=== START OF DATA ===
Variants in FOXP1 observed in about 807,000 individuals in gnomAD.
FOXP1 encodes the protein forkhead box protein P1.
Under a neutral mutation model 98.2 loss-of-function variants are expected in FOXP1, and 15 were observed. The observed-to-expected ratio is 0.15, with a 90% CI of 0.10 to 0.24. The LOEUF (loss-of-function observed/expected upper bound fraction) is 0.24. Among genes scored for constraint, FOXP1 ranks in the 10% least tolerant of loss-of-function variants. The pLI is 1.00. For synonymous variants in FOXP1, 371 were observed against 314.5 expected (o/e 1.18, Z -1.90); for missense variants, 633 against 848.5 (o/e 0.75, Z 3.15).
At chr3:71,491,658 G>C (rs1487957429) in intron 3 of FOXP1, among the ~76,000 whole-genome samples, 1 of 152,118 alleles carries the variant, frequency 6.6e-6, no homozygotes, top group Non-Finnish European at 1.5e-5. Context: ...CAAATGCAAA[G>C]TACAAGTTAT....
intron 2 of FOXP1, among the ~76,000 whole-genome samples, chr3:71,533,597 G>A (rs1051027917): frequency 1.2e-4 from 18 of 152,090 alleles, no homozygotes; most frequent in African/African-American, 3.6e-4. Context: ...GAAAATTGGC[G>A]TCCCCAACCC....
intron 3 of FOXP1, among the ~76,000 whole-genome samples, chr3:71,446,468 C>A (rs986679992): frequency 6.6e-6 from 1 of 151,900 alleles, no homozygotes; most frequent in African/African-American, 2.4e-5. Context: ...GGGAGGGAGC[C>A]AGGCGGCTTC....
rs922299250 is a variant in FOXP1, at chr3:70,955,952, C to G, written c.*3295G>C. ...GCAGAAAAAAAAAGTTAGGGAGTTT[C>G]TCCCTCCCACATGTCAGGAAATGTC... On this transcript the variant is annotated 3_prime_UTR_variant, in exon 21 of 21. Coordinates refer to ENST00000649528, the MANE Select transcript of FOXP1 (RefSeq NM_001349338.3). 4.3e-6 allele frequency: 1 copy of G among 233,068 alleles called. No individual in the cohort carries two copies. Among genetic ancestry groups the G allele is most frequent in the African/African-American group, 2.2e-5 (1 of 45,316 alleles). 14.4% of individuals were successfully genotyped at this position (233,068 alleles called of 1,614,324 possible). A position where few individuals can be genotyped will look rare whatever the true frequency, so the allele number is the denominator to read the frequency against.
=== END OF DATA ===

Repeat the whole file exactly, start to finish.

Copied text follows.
Variants in FOXP1 observed in about 807,000 individuals in gnomAD.
FOXP1 encodes the protein forkhead box protein P1.
Under a neutral mutation model 98.2 loss-of-function variants are expected in FOXP1, and 15 were observed. The observed-to-expected ratio is 0.15, with a 90% CI of 0.10 to 0.24. The LOEUF (loss-of-function observed/expected upper bound fraction) is 0.24. Among genes scored for constraint, FOXP1 ranks in the 10% least tolerant of loss-of-function variants. The pLI is 1.00. For synonymous variants in FOXP1, 371 were observed against 314.5 expected (o/e 1.18, Z -1.90); for missense variants, 633 against 848.5 (o/e 0.75, Z 3.15).
At chr3:71,491,658 G>C (rs1487957429) in intron 3 of FOXP1, among the ~76,000 whole-genome samples, 1 of 152,118 alleles carries the variant, frequency 6.6e-6, no homozygotes, top group Non-Finnish European at 1.5e-5. Context: ...CAAATGCAAA[G>C]TACAAGTTAT....
intron 2 of FOXP1, among the ~76,000 whole-genome samples, chr3:71,533,597 G>A (rs1051027917): frequency 1.2e-4 from 18 of 152,090 alleles, no homozygotes; most frequent in African/African-American, 3.6e-4. Context: ...GAAAATTGGC[G>A]TCCCCAACCC....
intron 3 of FOXP1, among the ~76,000 whole-genome samples, chr3:71,446,468 C>A (rs986679992): frequency 6.6e-6 from 1 of 151,900 alleles, no homozygotes; most frequent in African/African-American, 2.4e-5. Context: ...GGGAGGGAGC[C>A]AGGCGGCTTC....
rs922299250 is a variant in FOXP1, at chr3:70,955,952, C to G, written c.*3295G>C. ...GCAGAAAAAAAAAGTTAGGGAGTTT[C>G]TCCCTCCCACATGTCAGGAAATGTC... On this transcript the variant is annotated 3_prime_UTR_variant, in exon 21 of 21. Coordinates refer to ENST00000649528, the MANE Select transcript of FOXP1 (RefSeq NM_001349338.3). 4.3e-6 allele frequency: 1 copy of G among 233,068 alleles called. No individual in the cohort carries two copies. Among genetic ancestry groups the G allele is most frequent in the African/African-American group, 2.2e-5 (1 of 45,316 alleles). 14.4% of individuals were successfully genotyped at this position (233,068 alleles called of 1,614,324 possible). A position where few individuals can be genotyped will look rare whatever the true frequency, so the allele number is the denominator to read the frequency against.